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The IVP New Testament Commentary Series – Habits to Avoid (5:11-13, 15)
Habits to Avoid (5:11-13, 15)

First comes the causal sequence of sensual desires that overcome their dedication to Christ, which results in a desire to marry. Younger widows would be more subject to physical desires. Similar advice, directed to men and women, appears in 1 Corinthians 7:8-9. The fact of the matter is that physical desires are a current factor for younger people, and the strength of these desires often makes (re)marriage a wise course.

But verse 11 as rendered in the NIV is not graphic enough: it is more literally "sensual impulses that alienate them from Christ." It is not clear whether these widows engaged in immoral behavior (though it is possible that they did). In any case, the desire to remarry is connected with alienation from Christ—not because remarriage is prohibited (compare 1 Cor 7:8-9), but probably either because it was considered a hasty alternative to genuine repentance for immoral behavior or because they were seeking to marry unbelievers (compare 1 Cor 7:39).

The fact that Paul goes on in verse 12 to say that in this case remarriage leads to judgment, because they have rejected the first (that is, "foremost") faith (NIV they have broken their first pledge) does seem to indicate remarriage outside of the guidelines of God's will. Some have taken this as a reference to a vow of chastity, which would imply that an office of widows existed in the church at this time. But the more likely meaning of the actual term is "the faith" (the same term occurs in v. 8), which in these letters refers technically to Christianity and implies the need to believe. Given the Pauline background on teaching regarding remarriage and the positive teaching about it in verse 14, it is more likely that unsanctioned remarriage to unbelievers or precipitate remarriage in general is in mind.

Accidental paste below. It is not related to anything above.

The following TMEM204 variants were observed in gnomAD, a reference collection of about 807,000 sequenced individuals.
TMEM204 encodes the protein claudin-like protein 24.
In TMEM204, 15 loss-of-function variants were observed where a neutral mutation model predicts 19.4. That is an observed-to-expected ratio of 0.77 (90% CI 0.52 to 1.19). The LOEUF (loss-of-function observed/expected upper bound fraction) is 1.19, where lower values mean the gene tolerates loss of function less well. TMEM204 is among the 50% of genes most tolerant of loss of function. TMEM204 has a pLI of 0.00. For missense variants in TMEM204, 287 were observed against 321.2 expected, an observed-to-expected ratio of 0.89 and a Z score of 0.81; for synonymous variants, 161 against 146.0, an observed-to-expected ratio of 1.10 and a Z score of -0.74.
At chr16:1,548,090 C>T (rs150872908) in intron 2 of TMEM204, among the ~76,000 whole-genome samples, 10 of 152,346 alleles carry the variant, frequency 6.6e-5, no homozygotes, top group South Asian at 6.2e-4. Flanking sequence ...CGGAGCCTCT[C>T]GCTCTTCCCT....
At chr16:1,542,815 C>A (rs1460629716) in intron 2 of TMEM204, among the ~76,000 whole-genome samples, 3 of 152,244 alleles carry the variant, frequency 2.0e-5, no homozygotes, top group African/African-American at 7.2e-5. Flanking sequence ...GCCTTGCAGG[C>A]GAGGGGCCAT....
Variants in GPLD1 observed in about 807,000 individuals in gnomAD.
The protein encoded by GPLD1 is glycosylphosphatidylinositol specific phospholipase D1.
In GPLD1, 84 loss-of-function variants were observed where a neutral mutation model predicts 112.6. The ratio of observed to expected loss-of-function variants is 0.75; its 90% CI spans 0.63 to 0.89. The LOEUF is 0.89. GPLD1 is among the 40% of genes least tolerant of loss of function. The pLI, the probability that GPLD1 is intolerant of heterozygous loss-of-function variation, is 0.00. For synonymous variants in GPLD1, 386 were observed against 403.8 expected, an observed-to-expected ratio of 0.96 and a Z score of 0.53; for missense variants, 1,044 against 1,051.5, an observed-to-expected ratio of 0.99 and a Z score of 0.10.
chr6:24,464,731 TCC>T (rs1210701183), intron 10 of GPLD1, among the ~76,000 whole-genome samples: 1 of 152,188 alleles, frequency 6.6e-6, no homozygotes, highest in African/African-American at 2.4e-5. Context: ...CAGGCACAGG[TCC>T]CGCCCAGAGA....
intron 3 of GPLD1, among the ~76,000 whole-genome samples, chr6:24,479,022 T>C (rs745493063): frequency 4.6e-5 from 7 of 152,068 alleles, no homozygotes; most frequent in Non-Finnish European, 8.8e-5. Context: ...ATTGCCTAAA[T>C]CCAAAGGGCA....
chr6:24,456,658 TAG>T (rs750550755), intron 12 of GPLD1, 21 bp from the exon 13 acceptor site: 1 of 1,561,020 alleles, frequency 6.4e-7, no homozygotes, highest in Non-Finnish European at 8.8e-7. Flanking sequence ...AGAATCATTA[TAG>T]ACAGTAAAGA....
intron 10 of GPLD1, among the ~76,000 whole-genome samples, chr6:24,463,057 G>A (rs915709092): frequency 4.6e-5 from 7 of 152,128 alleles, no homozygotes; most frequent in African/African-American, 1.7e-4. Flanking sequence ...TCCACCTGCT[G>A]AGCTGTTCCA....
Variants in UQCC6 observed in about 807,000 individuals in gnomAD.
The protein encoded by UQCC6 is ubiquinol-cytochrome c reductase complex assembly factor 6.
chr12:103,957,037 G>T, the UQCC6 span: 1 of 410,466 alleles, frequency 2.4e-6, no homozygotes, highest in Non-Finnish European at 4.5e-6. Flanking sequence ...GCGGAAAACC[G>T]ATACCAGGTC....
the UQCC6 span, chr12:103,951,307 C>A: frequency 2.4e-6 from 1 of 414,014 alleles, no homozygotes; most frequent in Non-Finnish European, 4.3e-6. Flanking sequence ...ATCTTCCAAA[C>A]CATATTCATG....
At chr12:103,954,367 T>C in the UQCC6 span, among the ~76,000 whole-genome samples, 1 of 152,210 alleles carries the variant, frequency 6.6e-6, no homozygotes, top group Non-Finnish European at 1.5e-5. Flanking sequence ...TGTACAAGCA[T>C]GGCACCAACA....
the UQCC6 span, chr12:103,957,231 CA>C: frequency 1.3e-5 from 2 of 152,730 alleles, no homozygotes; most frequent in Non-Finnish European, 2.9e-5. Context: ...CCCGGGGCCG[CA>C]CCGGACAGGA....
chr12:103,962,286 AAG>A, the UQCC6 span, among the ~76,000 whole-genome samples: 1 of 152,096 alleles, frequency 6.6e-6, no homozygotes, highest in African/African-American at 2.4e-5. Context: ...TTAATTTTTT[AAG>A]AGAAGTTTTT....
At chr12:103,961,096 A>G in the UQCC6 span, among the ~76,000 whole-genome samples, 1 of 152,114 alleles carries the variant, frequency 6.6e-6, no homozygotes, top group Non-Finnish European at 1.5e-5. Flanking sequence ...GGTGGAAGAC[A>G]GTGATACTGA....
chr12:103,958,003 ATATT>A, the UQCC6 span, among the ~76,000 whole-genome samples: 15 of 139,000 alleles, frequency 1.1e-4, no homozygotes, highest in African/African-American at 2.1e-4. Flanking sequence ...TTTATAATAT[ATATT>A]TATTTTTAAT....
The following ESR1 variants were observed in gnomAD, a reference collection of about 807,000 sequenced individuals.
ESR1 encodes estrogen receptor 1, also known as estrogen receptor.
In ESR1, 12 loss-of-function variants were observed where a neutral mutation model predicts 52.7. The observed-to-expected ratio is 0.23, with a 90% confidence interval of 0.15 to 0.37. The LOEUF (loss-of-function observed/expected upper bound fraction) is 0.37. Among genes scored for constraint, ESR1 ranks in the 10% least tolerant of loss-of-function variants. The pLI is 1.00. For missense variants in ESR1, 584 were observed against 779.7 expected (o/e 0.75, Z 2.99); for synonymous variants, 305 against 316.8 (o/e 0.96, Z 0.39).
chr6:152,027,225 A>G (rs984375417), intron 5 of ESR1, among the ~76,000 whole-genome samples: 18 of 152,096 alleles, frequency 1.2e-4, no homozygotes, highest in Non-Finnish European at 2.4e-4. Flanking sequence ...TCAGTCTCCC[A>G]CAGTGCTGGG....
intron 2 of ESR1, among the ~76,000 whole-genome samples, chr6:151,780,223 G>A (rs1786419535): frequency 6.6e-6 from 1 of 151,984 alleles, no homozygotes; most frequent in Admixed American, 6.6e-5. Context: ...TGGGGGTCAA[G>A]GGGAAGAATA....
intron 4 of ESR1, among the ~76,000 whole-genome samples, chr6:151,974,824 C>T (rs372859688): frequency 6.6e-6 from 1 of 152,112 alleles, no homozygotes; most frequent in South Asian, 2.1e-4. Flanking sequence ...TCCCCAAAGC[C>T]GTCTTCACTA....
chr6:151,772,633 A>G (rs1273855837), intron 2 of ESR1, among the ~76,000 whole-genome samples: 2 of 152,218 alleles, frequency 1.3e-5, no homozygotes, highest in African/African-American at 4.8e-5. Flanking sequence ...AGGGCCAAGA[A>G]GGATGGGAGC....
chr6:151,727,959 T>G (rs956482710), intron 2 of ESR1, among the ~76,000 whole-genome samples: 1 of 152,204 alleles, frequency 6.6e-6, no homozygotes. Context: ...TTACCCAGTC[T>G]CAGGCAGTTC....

A second reason not to include young widows on the list may seem like another unfair generalization: the tendency to become idle, to flit from house to house and, worse yet, to become gossips and busybodies, saying things that are inappropriate (v. 13). It may mean that young widows, their financial burden lifted, lacking the spiritual maturity to apply themselves to prayer and other tasks of ministry associated with the list, became lazy and even counterproductive. But a glance down to verse 15 (some have in fact already turned away to follow Satan) suggests that Paul already has those young widows who had fallen prey to the false teachers in view. If so, then the gossip and other foolishness belong to the category of meaningless, paradoxical chatter (1:6; 4:7; 6:20) spread by the heretics, which Paul calls "false." It is also well to keep in mind that the false teachers were particularly effective in the homes of believers (2 Tim 3:6; Tit 1:11).

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